injuries of the clavicle acromioclavicular joint and sternoclavicular joint
Download
Skip this Video
Download Presentation
Injuries of the Clavicle, Acromioclavicular Joint and Sternoclavicular Joint

Loading in 2 Seconds...

play fullscreen
1 / 97

Injuries of the Clavicle, Acromioclavicular Joint and Sternoclavicular Joint - PowerPoint PPT Presentation


  • 317 Views
  • Uploaded on

Injuries of the Clavicle, Acromioclavicular Joint and Sternoclavicular Joint. Andrew H. Schmidt, M.D. T.J. McElroy Created March 2004; Revised January 2007. Clavicle. “S”-shaped bone Medial - sternoclavicular joint Lateral - acromioclavicular joint and coracoclavicular ligaments

loader
I am the owner, or an agent authorized to act on behalf of the owner, of the copyrighted work described.
capcha
Download Presentation

PowerPoint Slideshow about ' Injuries of the Clavicle, Acromioclavicular Joint and Sternoclavicular Joint' - betha


An Image/Link below is provided (as is) to download presentation

Download Policy: Content on the Website is provided to you AS IS for your information and personal use and may not be sold / licensed / shared on other websites without getting consent from its author.While downloading, if for some reason you are not able to download a presentation, the publisher may have deleted the file from their server.


- - - - - - - - - - - - - - - - - - - - - - - - - - E N D - - - - - - - - - - - - - - - - - - - - - - - - - -
Presentation Transcript
injuries of the clavicle acromioclavicular joint and sternoclavicular joint

Injuries of the Clavicle, Acromioclavicular Joint and Sternoclavicular Joint

Andrew H. Schmidt, M.D.

T.J. McElroy

Created March 2004; Revised January 2007

clavicle
Clavicle
  • “S”-shaped bone
  • Medial - sternoclavicular joint
  • Lateral - acromioclavicular joint and coracoclavicular ligaments
  • Muscle attachments:
    • Medial: sternocleidomastoid
    • Lateral: Trapezius, pectoralis major
ac joint
AC Joint
  • Diarthrodial joint between medial facet of acromion and the lateral (distal) clavicle.
  • Contains intra-articular disk of variable size.
  • Thin capsule stabilized by ligaments on all sides:
    • AC ligaments control horizontal (anteroposterior ) displacement
    • Superior AC ligament most important
distal clavicle
Distal Clavicle
  • Coracoclavicular ligaments
    • “Suspensory ligaments of the upper extremity”
    • Two components:
      • Trapezoid
      • Conoid
    • Stronger than AC ligaments
    • Provide vertical stability to AC joint
mechanism of injury
Mechanism of Injury

Moderate or high-energy traumatic impacts to the shoulder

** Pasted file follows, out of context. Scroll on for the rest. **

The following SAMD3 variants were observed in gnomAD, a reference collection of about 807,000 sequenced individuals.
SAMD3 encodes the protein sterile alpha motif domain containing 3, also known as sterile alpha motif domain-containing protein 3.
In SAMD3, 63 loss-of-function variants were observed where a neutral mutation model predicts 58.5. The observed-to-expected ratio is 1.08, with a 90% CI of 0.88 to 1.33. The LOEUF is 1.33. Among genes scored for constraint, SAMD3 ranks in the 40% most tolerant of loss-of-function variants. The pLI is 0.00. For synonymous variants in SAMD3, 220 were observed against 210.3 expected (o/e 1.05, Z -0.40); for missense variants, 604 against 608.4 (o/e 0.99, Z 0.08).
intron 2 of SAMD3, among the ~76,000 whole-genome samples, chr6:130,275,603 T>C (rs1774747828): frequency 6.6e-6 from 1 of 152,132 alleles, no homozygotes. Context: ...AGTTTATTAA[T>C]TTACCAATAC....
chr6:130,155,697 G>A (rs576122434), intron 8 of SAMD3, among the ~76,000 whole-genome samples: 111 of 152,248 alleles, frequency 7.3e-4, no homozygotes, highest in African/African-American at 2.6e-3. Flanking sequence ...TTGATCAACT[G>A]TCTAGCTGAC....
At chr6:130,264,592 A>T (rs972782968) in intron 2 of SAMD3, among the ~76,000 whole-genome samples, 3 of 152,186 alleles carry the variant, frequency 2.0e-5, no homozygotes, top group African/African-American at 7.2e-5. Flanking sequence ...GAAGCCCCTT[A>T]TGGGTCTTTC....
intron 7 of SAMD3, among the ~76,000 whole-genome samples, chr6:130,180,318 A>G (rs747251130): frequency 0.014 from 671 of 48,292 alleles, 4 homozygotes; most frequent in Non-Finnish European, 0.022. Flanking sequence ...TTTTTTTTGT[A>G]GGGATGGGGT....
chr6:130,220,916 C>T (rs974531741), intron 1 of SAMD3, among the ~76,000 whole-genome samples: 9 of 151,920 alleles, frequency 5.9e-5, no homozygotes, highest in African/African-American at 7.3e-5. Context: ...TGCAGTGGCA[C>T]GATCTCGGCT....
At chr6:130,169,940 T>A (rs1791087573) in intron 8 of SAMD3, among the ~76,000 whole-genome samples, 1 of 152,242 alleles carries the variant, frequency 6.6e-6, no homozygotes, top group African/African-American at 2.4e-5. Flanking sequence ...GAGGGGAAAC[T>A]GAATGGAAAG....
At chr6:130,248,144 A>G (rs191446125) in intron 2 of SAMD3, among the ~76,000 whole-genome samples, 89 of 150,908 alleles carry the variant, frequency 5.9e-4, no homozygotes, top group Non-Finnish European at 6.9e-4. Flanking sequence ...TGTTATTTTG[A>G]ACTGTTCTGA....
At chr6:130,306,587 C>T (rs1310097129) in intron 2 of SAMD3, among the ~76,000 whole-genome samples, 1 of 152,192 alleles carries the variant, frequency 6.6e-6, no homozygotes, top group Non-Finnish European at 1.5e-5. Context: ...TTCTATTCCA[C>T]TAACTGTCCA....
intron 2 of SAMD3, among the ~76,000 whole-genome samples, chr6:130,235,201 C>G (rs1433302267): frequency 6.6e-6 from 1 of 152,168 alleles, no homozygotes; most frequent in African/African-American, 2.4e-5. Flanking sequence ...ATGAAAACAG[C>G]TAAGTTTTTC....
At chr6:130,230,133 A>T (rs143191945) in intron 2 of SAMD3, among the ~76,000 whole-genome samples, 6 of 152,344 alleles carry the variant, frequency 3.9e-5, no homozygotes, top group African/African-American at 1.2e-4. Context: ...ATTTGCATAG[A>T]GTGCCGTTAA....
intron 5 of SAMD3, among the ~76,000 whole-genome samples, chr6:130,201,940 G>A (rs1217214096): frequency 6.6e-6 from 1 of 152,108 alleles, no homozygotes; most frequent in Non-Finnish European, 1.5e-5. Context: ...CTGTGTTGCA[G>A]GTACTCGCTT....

• Fall from height
  • Motor vehicle accident
  • Sports injury
  • Blow to the point of the shoulder
  • Rarely a direct injury to the clavicle
physical examination
Physical Examination
  • Inspection
    • Evaluate deformity and/or displacement
    • Beware of rare inferior or posterior displacement of distal or medial ends of clavicle
    • Compare to opposite side.
physical examination1
Physical Examination
  • Palpation
    • Evaluate pain
    • Look for instability with stress
physical examination2
Physical Examination
  • Neurovascular examination
  • Evaluate upper extremity motor and sensation
  • Measure shoulder range-of-motion
radiographic evaluation of the clavicle
Radiographic Evaluationof the Clavicle
  • Anteroposterior View
  • 30-degree Cephalic Tilt View
radiographic evaluation of the clavicle1
Radiographic Evaluation of the Clavicle
  • Quesana View
    • 45-degree angle superiorly and a 45-degree angle inferiorly
    • Provide better assessment of the extent of displacement
radiographic evaluation of the ac joint
Radiographic Evaluationof the AC Joint
  • Zanca View
    • AP view centered at AC joint with 10 degree cephalic tilt
    • Less voltage than used for AP shoulder
stress views of the distal clavicle ac joint
Stress Views of the Distal Clavicle & AC Joint
  • Rationale: will demonstrate instability and differentiate grade III AC separations from partial Grade I-II injuries
  • Performed by having patient hold 10# weight with injured arm
  • Rarely used today, since most AC joint injuries treated the same, and management of distal clavicle fractures depends on initial displacement and location of fracture.
radiographic evaluation of the medial one third
Radiographic Evaluation of the Medial One Third
  • X-ray: Cephalic tilt view of 40 to 45 degrees
  • CT scan usually indicated to best assess degree and direction of displacement
classification of clavicle fractures
Classification ofClavicle Fractures
  • Group I : Middle third
    • Most common (80% of clavicle fractures)
  • Group II: Distal third
    • 10-15% of clavicle injuries
  • Group III: Medial third
    • Least common (approx. 5%)
treatment options
Treatment Options
  • Nonoperative
    • Sling
    • Brace
  • Surgical
    • Plate Fixation
    • Screw or Pin Fixation
nonoperative treatment
Nonoperative Treatment
  • “Standard of Care” for most clavicle fractures.
  • Continued questions about the need to wear a specialized brace.
simple sling vs figure of 8 bandage
Simple Sling vs.Figure-of-8 Bandage
  • Prospective randomized trial of 61 patients
  • Simple sling
    • Less discomfort
  • Functional and cosmetic results identical
  • Alignment of healed fractures unchanged from the initial displacement in both groups

Andersen et al., Acta Orthop Scand 58: 71-4, 1987.

nonoperative treatment1
Nonoperative Treatment
  • It is difficult to reduce clavicle fractures by closed means.
  • Most clavicle fractures unite rapidly despite displacement
  • Significantly displaced mid-shaft and distal-third injuries have a higher incidence of nonunion.